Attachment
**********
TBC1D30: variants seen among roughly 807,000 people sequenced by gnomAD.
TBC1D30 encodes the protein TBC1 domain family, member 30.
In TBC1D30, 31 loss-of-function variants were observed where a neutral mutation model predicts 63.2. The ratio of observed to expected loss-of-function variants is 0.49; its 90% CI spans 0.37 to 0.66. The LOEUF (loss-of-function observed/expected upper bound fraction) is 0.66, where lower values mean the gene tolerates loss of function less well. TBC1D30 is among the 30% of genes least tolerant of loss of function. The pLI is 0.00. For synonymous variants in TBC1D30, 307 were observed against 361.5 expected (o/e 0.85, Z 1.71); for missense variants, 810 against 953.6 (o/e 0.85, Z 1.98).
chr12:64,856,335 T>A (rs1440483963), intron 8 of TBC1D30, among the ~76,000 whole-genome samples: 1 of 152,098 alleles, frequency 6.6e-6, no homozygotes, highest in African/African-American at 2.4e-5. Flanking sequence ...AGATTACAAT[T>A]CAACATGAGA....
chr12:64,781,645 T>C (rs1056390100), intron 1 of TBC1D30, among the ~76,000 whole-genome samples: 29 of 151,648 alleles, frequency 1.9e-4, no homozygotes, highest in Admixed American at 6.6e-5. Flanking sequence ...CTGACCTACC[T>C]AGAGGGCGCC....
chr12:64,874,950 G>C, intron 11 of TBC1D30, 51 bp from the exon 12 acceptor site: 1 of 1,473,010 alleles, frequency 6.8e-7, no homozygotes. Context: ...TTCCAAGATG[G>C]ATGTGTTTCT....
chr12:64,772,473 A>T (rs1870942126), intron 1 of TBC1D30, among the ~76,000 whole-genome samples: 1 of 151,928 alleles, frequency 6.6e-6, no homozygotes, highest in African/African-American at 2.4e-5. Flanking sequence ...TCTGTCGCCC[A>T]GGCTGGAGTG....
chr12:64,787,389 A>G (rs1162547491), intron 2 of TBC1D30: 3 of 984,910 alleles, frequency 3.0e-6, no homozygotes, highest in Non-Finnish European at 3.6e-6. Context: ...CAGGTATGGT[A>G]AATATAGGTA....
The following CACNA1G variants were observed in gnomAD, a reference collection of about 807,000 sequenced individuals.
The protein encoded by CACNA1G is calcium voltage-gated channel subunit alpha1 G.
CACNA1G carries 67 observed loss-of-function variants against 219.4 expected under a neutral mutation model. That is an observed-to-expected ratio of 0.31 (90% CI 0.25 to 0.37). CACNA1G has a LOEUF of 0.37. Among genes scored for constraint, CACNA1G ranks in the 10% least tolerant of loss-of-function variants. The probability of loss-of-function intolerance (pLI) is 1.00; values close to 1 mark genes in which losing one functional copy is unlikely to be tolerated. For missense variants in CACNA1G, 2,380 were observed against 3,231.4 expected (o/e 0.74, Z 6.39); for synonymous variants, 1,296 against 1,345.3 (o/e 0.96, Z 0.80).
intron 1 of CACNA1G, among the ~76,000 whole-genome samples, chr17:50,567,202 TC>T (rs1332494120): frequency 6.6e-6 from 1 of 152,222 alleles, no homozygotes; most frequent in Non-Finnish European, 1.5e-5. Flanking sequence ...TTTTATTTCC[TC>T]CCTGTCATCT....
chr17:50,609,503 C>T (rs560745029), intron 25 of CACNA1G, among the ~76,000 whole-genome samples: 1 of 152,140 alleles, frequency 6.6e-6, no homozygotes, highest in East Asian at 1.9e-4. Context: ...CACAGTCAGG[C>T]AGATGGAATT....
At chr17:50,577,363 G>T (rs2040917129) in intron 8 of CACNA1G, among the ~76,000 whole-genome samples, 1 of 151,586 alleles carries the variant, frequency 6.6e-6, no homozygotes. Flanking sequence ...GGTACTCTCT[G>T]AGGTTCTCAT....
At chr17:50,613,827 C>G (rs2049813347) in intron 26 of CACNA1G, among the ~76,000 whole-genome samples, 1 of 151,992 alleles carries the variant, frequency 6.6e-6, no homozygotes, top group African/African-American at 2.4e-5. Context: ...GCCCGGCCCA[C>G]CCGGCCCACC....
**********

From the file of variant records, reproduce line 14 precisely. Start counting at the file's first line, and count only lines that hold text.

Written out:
At chr17:50,577,363 G>T (rs2040917129) in intron 8 of CACNA1G, among the ~76,000 whole-genome samples, 1 of 151,586 alleles carries the variant, frequency 6.6e-6, no homozygotes. Flanking sequence ...GGTACTCTCT[G>T]AGGTTCTCAT....